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God’s Word is most powerful in context

Yesterday, I shared how words from an old youth fellowship song came back and comforted me when the birth of our twins turned into something of an emergency, and I was unable to articulate any prayer of my own.

Later I realised the words came from Psalm 61:1-3. And they give beautiful pictures of what God is like; the concern of a mother hen, the strength of a strong tower, the security of the higher rock. He is a refuge to all who turn to him.

And God’s Spirit brought these realities home so very powerfully to me that day so many years ago. However I make a confession to you. When the words of that song came into my mind, I didn’t know they were from Scripture. I knew the general ideas were Scriptural. But even though I was a Moore College graduate, I didn’t know those song lines were direct quotes from Psalm 61.

It was only several years later, while I was reading the Psalms one day, that the penny dropped. And so I had another surprise.

Because the song only uses the first few verses from the Psalm. But there are several more verses. And those extra verses add a context. And to my mind, they made the psalm even more powerful.

The King is on his Throne

Why? Because the extra verses remind me that the King is on his Throne. Look at the prayer in vv6-7.

6 Increase the days of the king’s life,
his years for many generations.
7 May he be enthroned in God’s presence forever;
appoint your love and faithfulness to protect him. [NIV]

The superscription earlier tells us this is a psalm “of David”. This could mean he wrote it. It certainly means it’s about him. And so in these verses, the prayer for personal protection extends out into a prayer for the King in Israel.

Portrait of Queen Elizabeth II by David Bailey

Portrait of Queen Elizabeth II by David Bailey

It’s similar to the British national anthem, “God save the Queen”.

When its sung, people pray for their monarch’s health and happiness, and so on. Now whatever you think of the republic debate, these are pretty good things to pray for your head of state. Generally speaking, stability in your head of state brings you stability also.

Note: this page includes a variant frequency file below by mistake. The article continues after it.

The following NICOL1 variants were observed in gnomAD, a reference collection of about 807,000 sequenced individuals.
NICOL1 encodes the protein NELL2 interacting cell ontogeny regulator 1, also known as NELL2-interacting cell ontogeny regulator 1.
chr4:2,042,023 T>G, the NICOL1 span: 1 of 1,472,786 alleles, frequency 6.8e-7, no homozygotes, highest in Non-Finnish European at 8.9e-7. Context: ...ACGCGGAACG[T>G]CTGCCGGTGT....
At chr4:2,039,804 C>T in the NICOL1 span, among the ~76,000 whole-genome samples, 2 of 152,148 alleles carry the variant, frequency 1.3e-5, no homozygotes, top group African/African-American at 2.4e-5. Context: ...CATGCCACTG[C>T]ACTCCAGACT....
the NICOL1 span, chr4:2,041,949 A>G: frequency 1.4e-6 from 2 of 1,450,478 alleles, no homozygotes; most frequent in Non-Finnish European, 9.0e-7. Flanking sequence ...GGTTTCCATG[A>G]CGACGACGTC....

In the same way, the king being on the throne in Israel was a sign that God was in charge, because the King was the earthly representative of God’s rule.

Now back when these words in vv6-7 were prayed, what did it mean to ask for the king’s years be increased for many generations, that he might be enthroned forever?

Originally, it was probably not for the king to live on personally forever, but for the continuation of his royal dynasty. Whatever personal chaos there was, if their King was on his throne, then it was a sign things were still right in God’s world; that God’s plan had not been derailed.

Forever

But of course, this hope of the king being enthroned “forever” was the promise of the Messiah, which the prophets developed under God’s inspiration.

The Messiah, or anointed King from David’s line, would rule with justice and peace and protect God’s people.

However Israel’s kings kept sinning and dying. None lived forever. Worse still, the whole kingdom was defeated, and the Davidic dynasty was overthrown.

But we live the other side not just of the cross but also the resurrection. Against all expectations, the Messiah was crucified. But it was to bear our sins.

And Jesus the Messiah has also been raised. And he ascended to heaven and is seated at the Father’s right hand where he ever lives to intercede for us.

For example, Ephesians 1:20-21 speaks of God’s mighty strength,

which he exerted in Christ when he raised him from the dead and seated him at his right hand in the heavenly realms, far above all rule and authority […] not only in the present age but also in the one to come.

In other words, because of the resurrection, we Christians know we have a king on his throne!

Now, it’s invisibly. But in the life to come, forever and openly!

And that’s the reason we can take refuge in God. Because his Son, his King is on the throne.

Those words I just quoted from Ephesians 1 come near the end of a prayer for believers, that we too might know, v19…

his incomparably great power for us who believe…

So Paul says – no matter how grim things seem on the outside – the power at work in you is the same incomparably great power by which God raised Jesus from the dead.

And it can protect you through whatever trials you face. And it can take you to heaven to be with God where Jesus is.

 

It wasn’t just a vague sentimental hope that God would get me through that day in the foyer of the operating theatre. And it certainly wasn’t the power of positive thinking. It was based on the rock solid foundation of the resurrection.

Praise

Now what response can we make to this promise of refuge? The psalm’s answer is praise. Look at the conclusion in v8.

8 Then I will ever sing in praise of your name
and fulfill my vows day after day.

The Bible expects that when we experience God’s goodness, when we experience his protection and care, then we will tell others. We will praise him.

And so, when we had our twins, and people said how lucky we were, it felt natural for me to gently correct them by saying it wasn’t luck, but rather we felt so very blessed by God.

Thanksgiving bubbles over into praise, where we can’t help doing the “word of mouth” thing, telling others how much God has done for us.

Above all, where we want to tell others the greatest thing God has done in sending Jesus, our refuge.

God’s Word is powerful. And it’s even more powerful when we read it in context.

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